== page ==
Thursday, July 30, 2020
JACKSON, Miss. (AP) — Mississippi school districts have just days to submit plans for this academic year to the state, but as the deadline nears and new cases of the coronavirus continue to rise, those plans keep changing.
Jackson Public Schools came out with a detailed plan in mid-July for how it was going to return students to in-person classroom instruction at the start of the school year.
Kids were to undergo temperature checks before getting on the bus or entering school buildings in the morning. Hand-washing and sanitization breaks were built into the school day. All students would wear masks on campus.
Families had the option of keeping kids at home and doing online learning with district-issued laptops, something educators said would allow for more social distancing in the classroom. The program was created after dozens of surveys, constituent feedback and hours of strategic planning among staff.
But last Friday, just over a week after releasing its plan, Superintendent Errick L. Greene announced Jackson schools officials made the difficult decision to change course and educate students entirely online, at least for the fall. He said he was proud of the work that went into creating a plan to enable kids to return to the classroom but rising cases of coronavirus in the state were a undeniable concern.
"What we've seen over the last week or so, is somewhere on the border or right at or just over 1,000 new cases each day. ... It's become increasingly necessary over a short period of time to seriously revisit our plan,” Greene said during a special Jackson Public Schools Board of Trustees meeting on July 24.
School districts are due to submit their plans to the Mississippi Department of Education by Friday, but there's still uncertainty about what schooling during the pandemic will look like, just weeks from the start of the academic year. Districts have been reframing plans almost weekly as they receive updates from the state department of health.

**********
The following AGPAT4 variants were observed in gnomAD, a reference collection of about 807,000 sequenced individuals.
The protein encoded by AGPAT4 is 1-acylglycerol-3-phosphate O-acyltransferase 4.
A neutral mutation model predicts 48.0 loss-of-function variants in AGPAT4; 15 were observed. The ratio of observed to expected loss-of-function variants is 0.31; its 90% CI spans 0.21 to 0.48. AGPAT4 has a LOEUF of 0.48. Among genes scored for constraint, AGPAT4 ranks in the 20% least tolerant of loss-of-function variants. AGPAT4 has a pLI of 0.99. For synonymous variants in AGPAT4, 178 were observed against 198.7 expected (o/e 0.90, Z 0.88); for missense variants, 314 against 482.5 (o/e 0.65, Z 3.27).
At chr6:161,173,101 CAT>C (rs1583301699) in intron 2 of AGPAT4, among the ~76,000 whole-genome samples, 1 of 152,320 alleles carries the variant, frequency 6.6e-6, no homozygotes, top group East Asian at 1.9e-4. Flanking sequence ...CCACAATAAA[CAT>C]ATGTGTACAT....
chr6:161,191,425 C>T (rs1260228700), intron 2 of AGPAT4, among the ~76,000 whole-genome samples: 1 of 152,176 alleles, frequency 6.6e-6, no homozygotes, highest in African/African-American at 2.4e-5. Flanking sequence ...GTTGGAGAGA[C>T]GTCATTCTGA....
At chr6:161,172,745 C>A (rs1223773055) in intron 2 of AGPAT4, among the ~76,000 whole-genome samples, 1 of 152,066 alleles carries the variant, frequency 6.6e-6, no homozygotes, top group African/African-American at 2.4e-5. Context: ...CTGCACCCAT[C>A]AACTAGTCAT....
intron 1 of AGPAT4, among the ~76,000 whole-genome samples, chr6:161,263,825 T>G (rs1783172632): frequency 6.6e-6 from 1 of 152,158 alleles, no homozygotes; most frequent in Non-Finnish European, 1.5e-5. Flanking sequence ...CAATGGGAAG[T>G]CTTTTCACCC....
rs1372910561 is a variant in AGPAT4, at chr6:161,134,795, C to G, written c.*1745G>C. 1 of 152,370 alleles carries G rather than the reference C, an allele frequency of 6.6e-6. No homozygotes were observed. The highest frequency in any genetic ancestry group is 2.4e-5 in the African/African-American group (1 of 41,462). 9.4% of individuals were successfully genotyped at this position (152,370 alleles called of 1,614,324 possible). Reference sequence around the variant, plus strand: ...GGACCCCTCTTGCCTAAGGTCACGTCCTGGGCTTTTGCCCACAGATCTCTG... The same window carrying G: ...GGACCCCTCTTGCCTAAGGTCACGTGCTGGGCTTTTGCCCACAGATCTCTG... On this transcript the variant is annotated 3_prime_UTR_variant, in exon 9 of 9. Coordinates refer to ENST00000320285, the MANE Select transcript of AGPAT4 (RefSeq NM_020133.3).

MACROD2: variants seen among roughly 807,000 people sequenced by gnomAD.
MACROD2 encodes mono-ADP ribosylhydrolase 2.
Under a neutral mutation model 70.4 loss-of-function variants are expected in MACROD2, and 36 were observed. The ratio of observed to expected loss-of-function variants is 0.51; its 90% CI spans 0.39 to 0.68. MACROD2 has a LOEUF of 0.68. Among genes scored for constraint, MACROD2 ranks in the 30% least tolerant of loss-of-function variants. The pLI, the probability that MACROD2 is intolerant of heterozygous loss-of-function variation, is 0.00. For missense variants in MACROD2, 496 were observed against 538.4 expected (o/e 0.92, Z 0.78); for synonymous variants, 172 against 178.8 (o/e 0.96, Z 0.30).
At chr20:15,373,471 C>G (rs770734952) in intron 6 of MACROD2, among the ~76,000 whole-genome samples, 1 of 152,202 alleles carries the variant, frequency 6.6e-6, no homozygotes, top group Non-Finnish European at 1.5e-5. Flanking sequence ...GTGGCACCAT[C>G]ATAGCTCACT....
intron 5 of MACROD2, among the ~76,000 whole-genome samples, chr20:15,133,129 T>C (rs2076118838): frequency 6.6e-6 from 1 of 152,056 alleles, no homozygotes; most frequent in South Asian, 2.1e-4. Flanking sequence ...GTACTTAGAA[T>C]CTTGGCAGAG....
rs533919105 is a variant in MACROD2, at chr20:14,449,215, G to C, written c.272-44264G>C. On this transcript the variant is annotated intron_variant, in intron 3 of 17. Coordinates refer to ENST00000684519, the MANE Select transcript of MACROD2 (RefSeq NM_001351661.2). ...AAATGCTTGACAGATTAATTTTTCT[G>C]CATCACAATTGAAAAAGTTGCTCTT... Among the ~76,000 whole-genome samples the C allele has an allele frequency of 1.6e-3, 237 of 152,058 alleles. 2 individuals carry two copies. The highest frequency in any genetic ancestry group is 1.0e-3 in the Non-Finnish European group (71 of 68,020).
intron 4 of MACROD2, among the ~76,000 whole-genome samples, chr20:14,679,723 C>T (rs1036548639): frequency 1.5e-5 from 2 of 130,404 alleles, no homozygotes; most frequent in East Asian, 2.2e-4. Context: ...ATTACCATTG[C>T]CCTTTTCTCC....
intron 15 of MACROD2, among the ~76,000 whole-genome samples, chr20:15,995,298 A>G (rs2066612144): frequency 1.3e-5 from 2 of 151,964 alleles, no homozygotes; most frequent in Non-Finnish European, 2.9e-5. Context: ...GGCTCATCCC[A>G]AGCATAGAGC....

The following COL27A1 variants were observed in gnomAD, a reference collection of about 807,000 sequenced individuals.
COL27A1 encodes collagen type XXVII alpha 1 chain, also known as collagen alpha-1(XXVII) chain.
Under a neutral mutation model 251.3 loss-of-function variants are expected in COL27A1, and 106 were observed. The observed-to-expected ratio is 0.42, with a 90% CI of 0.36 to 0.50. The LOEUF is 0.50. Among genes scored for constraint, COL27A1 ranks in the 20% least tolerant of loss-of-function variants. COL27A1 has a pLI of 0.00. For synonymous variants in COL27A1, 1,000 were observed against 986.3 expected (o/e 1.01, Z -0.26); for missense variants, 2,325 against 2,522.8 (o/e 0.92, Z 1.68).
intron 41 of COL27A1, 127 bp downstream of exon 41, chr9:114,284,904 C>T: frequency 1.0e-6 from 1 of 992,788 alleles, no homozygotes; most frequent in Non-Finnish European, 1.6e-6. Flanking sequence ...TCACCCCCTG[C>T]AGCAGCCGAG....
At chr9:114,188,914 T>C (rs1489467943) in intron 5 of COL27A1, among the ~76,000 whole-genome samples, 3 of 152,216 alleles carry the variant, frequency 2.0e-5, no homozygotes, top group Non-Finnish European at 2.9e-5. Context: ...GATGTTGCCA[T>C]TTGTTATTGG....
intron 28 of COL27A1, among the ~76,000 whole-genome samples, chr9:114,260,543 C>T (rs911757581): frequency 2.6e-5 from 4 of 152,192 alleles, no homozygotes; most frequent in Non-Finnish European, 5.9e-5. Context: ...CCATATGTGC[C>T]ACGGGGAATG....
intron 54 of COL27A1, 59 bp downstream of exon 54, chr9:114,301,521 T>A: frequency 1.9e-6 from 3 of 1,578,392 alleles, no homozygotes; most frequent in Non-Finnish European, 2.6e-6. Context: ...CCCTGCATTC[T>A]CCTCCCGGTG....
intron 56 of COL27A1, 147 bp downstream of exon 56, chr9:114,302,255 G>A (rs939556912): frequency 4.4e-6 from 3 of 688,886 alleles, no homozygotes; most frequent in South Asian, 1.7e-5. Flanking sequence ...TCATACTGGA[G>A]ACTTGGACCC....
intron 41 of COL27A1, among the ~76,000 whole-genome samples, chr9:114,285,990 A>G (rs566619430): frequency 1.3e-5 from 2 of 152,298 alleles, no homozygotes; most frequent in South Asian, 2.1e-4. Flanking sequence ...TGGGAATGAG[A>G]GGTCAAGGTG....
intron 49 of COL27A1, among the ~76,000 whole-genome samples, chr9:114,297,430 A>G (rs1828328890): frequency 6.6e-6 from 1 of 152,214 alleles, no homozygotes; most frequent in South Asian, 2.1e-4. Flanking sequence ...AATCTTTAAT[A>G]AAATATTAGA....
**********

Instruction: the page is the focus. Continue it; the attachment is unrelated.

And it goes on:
“It would be a lot easier if we had less coronavirus in the community,” Dr. Thomas Dobbs, Mississippi's health officer, said during a Tuesday media briefing.
The Health Department said Wednesday that the state, which has a population of about 3 million, has had at least 55,804 confirmed cases and at least 1,563 deaths from COVID-19 as of Tuesday evening. That’s an increase of 1,505 confirmed cases and 20 deaths from numbers reported the day before; the figures included four deaths that occurred between May 10 and July 12, with information from death certificates arriving later.
Gov. Tate Reeves has resisted implementing any new executive orders about how schools should be run in the state, saying he would prefer to give Mississippi's almost 140 school boards local control. If it can be done safely, he said, he would like students to return to the classroom in some form, especially for younger children who require more hands-on learning.
“Think about it. For some of our kids across Mississippi, they have now gone five months without any significant learning opportunities,” he said. “We cannot allow those kids to fall further behind.”
Still, Reeves said some remote work will likely be necessary. He announced Tuesday that work would begin on increasing access to reliable internet throughout the state to bolster remote learning. The legislature approved a $75 million competitive grant program from federal coronavirus relief money for the project. A 2017 report by the Census Bureau showed that only 61% of Mississippians had access to broadband in 2015.
School districts have publicly released their plans online ahead of state review.
In Corinth, students returned to school Monday for in-person instruction. Television footage showed excited seniors wearing masks riding in on the back of pick-up trucks holding balloons and signs. Corinth students are required to wear masks and undergo temperature checks.
Dobbs said all schools should require masks but noted that returning to any form of in-person instruction and activity comes with risk.
The health officer said students and teachers in each age group will face different challenges. Younger kids may be less contagious, for example, but harder to social distance.
Sports are another issue. Dobbs said participating in sports is probably not a good idea right now.
“It may well be that some schools are going to close pretty quickly, whenever they do open, depending on whether there are outbreaks or not," he said.